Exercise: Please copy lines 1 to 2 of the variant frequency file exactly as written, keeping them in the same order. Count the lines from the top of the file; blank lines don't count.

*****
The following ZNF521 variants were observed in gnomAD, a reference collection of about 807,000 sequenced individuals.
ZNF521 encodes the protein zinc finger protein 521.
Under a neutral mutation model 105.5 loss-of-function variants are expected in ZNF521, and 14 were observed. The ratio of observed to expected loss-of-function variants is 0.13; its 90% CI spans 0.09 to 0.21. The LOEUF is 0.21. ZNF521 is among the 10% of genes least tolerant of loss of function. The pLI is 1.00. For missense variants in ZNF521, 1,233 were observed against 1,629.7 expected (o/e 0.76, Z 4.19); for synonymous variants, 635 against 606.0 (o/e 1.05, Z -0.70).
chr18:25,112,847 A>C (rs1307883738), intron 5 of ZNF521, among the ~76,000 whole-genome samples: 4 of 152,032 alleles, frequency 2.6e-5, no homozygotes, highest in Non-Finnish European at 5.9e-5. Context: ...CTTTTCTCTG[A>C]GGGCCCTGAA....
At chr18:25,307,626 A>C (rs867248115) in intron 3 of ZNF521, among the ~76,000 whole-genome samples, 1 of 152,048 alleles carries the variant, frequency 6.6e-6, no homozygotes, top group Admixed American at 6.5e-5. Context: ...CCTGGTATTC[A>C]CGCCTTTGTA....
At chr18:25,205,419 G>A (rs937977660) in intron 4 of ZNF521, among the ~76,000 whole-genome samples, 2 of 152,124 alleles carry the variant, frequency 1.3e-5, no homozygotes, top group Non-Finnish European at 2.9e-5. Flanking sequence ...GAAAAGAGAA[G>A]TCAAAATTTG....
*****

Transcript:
The following ZNF521 variants were observed in gnomAD, a reference collection of about 807,000 sequenced individuals.
ZNF521 encodes the protein zinc finger protein 521.